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Scurlock Corp v. Brazos Cty

Court of Appeals of Texas, Houston, First District
Dec 23, 1993
869 S.W.2d 478 (Tex. App. 1993)

Summary

holding that objection at trial that is not the same as objection urged on appeal presents nothing for appellate review

Summary of this case from In the Int. of K.R.L., 14-10-00187-CV

Opinion

No. 01-93-00080-CV.

November 10, 1993. Rehearing Denied December 23, 1993.

Appeal from the 361st District Court, Brazos County, Carolyn Ruffino, J.

Charles W. Schwartz, James D. Thompson III, Dana C. Livingston, Vinson Elkins L.L.P., Houston, for appellant.

A.W. Davis, Vaughan E. Waters, Davis Davis, Houston, for appellees.

Before OLIVER-PARROTT, C.J., and HUTSON-DUNN and WILSON, JJ.



OPINION


Plaintiff, Scurlock Permian Corporation (Scurlock), brought suit against Brazos County and a number of Brazos County officials (collectively, "Brazos County") seeking a declaratory judgment, injunctive relief, damages, and attorney's fees. Scurlock appeals the take-nothing judgment entered against it.

Factual background

This case involves the interpretation of certain provisions of TEX.REV.CIV.STAT.ANN. art. 6701d-11 (Vernon 1977 Supp. 1993) and the County Road and Bridge Act, TEX.REV.CIV.STAT.ANN. art. 6702-1 (Vernon Supp. 1993). Article 6701d-11 regulates the weight and size of vehicles using Texas highways, and provides for the permitting of overweight vehicles by the State Department of Highways and Public Transportation. The County Road and Bridge Act authorizes county commissioners courts to regulate and restrict traffic on county roads and allows commissioners courts to establish load limits for any road or bridge. TEX.REV.CIV.STAT.ANN. art. 6702-1, Sec. 2.301(a)(1), (b)(2) (Vernon Supp. 1993). The County Road and Bridge Act does not expressly authorize counties to require overweight vehicle to have a county permit.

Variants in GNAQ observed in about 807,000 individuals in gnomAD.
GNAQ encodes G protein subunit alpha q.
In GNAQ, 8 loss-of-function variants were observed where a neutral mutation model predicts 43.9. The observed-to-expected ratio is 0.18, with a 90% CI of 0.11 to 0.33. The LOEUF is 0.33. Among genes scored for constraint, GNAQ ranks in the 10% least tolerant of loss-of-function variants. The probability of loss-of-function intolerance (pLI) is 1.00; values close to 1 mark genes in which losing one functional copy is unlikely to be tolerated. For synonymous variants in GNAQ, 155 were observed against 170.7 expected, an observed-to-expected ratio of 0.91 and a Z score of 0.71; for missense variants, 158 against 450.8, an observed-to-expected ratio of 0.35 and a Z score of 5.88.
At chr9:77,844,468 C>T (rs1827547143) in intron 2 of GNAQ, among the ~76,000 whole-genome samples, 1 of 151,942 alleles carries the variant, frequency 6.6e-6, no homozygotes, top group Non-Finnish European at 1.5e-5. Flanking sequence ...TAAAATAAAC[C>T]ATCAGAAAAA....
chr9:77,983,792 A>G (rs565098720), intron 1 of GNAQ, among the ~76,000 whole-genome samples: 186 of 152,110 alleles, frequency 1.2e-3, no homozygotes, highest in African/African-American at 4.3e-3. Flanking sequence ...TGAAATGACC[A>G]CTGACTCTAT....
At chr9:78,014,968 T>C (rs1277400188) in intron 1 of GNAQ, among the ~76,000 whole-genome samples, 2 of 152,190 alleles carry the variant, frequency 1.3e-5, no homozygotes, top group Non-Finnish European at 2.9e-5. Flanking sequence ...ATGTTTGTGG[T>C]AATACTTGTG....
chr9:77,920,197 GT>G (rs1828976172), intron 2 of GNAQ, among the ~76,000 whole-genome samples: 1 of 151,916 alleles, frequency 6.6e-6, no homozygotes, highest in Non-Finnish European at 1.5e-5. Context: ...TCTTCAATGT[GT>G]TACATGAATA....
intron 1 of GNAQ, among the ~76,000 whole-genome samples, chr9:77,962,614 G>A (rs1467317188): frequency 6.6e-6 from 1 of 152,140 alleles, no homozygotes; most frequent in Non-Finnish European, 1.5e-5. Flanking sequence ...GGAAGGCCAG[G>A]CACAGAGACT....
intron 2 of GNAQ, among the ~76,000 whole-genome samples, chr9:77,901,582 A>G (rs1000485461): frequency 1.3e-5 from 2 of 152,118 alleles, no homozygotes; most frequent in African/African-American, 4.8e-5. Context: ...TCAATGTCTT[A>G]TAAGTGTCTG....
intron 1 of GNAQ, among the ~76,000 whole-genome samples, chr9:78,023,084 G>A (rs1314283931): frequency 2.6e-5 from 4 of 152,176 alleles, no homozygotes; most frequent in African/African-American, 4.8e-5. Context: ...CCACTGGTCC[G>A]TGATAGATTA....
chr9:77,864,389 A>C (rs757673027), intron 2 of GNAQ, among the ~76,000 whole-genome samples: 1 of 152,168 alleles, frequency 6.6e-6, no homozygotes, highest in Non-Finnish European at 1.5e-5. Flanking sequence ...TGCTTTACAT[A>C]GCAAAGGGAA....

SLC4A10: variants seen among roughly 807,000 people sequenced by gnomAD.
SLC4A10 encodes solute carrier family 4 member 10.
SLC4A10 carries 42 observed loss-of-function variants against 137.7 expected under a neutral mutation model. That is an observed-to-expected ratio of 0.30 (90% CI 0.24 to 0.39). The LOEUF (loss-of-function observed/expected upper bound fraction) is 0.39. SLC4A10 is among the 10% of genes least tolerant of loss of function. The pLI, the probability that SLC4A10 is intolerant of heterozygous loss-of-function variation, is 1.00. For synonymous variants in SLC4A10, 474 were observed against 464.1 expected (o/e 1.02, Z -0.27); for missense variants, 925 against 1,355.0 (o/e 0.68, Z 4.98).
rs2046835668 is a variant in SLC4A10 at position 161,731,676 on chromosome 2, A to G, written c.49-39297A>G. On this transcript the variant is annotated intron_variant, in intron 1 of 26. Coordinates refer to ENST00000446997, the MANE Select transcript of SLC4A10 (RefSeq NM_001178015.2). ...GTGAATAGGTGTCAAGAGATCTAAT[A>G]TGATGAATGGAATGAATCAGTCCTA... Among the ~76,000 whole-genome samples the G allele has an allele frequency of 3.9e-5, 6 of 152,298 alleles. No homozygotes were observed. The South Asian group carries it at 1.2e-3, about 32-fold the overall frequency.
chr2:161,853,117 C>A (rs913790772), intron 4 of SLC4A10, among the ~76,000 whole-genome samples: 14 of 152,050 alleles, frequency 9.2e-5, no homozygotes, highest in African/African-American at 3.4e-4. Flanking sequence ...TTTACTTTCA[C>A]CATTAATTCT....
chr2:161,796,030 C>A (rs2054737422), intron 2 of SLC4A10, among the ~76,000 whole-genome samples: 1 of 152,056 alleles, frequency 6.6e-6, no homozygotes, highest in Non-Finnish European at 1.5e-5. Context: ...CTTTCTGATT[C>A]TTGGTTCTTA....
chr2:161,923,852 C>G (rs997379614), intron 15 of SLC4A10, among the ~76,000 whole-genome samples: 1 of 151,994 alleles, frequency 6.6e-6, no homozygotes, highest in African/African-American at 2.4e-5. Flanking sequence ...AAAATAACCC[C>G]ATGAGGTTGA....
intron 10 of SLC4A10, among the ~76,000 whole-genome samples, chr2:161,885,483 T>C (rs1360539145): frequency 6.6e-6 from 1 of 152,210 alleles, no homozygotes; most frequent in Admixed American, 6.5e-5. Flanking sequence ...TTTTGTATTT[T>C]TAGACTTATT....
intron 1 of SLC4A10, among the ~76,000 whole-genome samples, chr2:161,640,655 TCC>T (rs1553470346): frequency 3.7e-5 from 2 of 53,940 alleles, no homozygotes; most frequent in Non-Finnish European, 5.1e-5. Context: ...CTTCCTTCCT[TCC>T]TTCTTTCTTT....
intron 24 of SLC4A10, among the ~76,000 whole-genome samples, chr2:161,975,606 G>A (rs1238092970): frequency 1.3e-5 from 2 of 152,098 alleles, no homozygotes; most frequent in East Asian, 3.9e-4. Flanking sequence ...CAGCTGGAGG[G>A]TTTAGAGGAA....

In 1981, the Brazos County Commissioners Court, pursuant to the then-current version of art. 6701d-11 enacted the Brazos County Traffic Regulations. These regulations established weight and size limits for vehicles travelling on Brazos County roads, and provided a permitting system for overweight vehicles.

Act of March 31, 1971, 62nd Leg., R.S., ch. 49, Sec. 1, 1971 Tex.Gen.Laws 87, 87-88, amended by Act of May 27, 1989, 71st Leg., R.S., ch. 488, Sec. 4, 1989 Tex.Gen.Laws 1661, 1664.

In 1989, the legislature enacted House Bill 2060 and amended article 6701d-11. The amendment established a statewide permitting system for vehicles that exceed the statute's weight limitations. The amended statute specifically provides: